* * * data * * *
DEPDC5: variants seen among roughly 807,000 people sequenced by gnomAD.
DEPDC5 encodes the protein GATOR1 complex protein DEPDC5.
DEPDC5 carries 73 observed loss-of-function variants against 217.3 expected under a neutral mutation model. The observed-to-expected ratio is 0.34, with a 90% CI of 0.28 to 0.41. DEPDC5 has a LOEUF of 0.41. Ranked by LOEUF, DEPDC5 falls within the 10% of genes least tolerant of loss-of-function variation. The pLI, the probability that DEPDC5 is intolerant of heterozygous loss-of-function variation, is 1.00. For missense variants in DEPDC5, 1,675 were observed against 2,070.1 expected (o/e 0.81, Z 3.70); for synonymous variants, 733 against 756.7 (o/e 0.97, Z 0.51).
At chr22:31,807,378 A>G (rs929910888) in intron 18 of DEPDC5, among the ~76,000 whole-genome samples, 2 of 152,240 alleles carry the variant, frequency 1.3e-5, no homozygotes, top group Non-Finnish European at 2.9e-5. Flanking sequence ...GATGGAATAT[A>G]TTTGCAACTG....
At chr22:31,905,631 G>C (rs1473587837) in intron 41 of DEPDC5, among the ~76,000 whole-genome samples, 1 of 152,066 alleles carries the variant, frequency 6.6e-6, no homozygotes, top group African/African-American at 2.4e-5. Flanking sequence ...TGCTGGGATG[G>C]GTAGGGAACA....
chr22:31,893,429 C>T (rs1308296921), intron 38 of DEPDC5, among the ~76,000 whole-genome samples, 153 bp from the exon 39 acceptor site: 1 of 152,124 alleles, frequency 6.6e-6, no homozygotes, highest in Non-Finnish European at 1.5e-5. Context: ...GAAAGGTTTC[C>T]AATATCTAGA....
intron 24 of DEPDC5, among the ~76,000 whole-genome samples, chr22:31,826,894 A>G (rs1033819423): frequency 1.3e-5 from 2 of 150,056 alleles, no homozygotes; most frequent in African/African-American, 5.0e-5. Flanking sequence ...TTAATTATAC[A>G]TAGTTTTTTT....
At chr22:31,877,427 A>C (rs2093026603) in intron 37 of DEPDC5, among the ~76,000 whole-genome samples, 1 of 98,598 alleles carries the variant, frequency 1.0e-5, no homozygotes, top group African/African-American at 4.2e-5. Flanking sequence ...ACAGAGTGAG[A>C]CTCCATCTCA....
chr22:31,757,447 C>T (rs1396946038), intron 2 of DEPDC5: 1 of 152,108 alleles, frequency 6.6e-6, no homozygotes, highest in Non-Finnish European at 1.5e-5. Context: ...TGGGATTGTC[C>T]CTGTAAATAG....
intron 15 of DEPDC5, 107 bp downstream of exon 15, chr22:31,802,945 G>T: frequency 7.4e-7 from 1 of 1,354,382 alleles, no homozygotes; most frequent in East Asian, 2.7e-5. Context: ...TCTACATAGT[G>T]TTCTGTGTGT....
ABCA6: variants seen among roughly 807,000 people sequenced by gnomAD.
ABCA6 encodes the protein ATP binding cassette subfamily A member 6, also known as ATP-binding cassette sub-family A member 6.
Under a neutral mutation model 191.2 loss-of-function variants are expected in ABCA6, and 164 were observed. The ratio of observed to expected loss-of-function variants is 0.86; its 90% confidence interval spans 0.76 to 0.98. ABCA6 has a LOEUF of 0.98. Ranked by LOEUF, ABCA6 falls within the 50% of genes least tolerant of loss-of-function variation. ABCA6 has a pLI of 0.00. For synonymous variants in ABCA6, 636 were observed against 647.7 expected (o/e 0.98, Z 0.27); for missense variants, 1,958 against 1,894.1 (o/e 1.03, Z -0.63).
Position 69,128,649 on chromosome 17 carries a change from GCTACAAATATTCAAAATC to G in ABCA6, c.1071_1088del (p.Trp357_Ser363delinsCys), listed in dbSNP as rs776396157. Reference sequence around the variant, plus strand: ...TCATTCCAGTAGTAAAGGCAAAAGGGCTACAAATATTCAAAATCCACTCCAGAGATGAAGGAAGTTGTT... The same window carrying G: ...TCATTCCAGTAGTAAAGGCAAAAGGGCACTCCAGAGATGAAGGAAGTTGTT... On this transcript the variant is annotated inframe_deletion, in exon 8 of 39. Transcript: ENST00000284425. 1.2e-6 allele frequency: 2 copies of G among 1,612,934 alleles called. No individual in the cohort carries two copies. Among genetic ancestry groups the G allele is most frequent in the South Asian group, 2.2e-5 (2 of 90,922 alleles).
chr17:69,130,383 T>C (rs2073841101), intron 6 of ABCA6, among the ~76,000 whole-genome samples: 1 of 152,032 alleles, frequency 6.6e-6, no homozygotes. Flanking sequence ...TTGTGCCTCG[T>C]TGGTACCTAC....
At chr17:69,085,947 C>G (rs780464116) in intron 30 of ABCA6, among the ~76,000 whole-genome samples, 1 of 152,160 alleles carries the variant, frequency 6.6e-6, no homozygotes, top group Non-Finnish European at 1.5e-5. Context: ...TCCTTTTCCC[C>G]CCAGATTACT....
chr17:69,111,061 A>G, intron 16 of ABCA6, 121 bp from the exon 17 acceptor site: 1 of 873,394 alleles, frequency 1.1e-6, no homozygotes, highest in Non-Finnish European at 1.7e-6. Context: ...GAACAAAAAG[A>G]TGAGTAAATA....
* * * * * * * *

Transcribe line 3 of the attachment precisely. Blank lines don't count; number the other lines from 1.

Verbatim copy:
DEPDC5 carries 73 observed loss-of-function variants against 217.3 expected under a neutral mutation model. The observed-to-expected ratio is 0.34, with a 90% CI of 0.28 to 0.41. DEPDC5 has a LOEUF of 0.41. Ranked by LOEUF, DEPDC5 falls within the 10% of genes least tolerant of loss-of-function variation. The pLI, the probability that DEPDC5 is intolerant of heterozygous loss-of-function variation, is 1.00. For missense variants in DEPDC5, 1,675 were observed against 2,070.1 expected (o/e 0.81, Z 3.70); for synonymous variants, 733 against 756.7 (o/e 0.97, Z 0.51).